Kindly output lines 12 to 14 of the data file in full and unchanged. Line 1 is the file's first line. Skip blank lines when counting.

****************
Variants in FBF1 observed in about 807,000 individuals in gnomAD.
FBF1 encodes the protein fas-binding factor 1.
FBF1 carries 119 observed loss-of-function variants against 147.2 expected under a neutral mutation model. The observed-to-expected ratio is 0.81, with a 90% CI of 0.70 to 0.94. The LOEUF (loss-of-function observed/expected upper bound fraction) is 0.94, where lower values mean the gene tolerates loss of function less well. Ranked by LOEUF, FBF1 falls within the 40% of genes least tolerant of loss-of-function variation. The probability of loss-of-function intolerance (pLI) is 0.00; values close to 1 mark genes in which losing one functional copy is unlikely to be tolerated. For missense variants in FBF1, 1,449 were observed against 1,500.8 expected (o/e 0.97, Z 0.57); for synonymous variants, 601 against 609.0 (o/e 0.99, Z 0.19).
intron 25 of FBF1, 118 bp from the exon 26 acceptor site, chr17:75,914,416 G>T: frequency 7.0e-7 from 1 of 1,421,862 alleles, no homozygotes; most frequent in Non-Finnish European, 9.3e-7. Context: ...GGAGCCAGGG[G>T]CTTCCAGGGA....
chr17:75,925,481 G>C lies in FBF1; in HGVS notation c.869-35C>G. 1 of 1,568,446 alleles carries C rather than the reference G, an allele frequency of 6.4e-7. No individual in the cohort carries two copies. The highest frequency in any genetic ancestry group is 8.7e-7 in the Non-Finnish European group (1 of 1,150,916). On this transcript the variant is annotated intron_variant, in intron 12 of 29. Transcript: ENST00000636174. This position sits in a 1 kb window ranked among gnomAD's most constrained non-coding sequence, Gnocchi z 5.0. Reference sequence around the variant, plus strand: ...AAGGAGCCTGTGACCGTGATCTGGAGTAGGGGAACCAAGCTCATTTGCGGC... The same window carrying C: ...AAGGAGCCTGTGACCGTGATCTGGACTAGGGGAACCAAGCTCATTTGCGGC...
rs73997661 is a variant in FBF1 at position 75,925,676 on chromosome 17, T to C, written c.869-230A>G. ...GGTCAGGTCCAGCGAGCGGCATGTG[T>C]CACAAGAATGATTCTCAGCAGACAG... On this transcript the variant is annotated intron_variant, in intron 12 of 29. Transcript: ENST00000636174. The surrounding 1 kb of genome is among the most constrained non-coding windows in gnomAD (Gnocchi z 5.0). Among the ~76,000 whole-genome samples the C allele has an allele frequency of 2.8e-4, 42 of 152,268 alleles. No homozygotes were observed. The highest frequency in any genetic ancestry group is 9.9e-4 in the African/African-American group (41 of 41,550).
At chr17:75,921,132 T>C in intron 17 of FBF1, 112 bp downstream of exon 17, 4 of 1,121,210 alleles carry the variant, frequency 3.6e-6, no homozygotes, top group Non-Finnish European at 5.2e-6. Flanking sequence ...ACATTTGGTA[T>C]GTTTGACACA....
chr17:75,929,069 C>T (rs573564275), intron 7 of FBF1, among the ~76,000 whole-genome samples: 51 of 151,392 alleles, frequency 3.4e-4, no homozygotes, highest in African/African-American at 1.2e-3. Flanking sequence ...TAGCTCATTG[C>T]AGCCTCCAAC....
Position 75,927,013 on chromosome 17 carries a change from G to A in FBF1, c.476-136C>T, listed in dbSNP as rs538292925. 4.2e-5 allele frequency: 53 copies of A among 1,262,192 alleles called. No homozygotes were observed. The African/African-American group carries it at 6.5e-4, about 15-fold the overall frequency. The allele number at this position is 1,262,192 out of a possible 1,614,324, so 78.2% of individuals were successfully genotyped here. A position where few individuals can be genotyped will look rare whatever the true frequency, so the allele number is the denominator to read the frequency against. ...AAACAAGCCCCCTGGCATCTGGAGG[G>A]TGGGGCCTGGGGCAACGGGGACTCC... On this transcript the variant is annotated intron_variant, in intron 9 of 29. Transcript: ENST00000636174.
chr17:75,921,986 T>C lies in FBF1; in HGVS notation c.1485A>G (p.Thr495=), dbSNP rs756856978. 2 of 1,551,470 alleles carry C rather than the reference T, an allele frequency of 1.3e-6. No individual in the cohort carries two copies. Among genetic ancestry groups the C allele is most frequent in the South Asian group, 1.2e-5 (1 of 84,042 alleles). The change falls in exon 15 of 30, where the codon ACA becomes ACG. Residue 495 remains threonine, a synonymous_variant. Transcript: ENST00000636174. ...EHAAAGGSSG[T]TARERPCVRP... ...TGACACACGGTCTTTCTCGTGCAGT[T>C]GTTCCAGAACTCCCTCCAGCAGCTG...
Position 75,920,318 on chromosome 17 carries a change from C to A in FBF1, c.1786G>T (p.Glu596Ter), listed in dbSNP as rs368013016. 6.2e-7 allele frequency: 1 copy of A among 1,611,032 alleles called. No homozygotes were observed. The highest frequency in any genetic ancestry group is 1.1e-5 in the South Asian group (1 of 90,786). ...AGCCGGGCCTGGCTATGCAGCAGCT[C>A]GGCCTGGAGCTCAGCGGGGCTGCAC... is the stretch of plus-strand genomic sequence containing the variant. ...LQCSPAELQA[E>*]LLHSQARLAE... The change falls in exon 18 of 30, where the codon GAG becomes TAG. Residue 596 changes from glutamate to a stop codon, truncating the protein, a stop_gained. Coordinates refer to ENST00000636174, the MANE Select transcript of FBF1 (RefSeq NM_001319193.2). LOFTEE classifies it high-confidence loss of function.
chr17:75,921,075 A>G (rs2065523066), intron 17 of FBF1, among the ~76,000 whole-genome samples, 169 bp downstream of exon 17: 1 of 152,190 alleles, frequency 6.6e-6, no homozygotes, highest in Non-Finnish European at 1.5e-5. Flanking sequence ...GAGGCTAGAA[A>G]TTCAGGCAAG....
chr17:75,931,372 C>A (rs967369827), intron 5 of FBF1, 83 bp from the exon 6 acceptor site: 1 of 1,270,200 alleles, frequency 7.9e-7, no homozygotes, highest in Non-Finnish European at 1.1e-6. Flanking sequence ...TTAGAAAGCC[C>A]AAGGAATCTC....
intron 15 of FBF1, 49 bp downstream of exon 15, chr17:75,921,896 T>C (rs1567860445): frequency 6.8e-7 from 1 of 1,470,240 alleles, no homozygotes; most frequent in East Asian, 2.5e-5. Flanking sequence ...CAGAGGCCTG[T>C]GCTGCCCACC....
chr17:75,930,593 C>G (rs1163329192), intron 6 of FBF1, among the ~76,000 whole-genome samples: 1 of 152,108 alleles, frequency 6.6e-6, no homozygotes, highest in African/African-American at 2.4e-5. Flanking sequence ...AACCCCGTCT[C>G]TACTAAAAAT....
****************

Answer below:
chr17:75,921,075 A>G (rs2065523066), intron 17 of FBF1, among the ~76,000 whole-genome samples, 169 bp downstream of exon 17: 1 of 152,190 alleles, frequency 6.6e-6, no homozygotes, highest in Non-Finnish European at 1.5e-5. Flanking sequence ...GAGGCTAGAA[A>G]TTCAGGCAAG....
chr17:75,931,372 C>A (rs967369827), intron 5 of FBF1, 83 bp from the exon 6 acceptor site: 1 of 1,270,200 alleles, frequency 7.9e-7, no homozygotes, highest in Non-Finnish European at 1.1e-6. Flanking sequence ...TTAGAAAGCC[C>A]AAGGAATCTC....
intron 15 of FBF1, 49 bp downstream of exon 15, chr17:75,921,896 T>C (rs1567860445): frequency 6.8e-7 from 1 of 1,470,240 alleles, no homozygotes; most frequent in East Asian, 2.5e-5. Flanking sequence ...CAGAGGCCTG[T>C]GCTGCCCACC....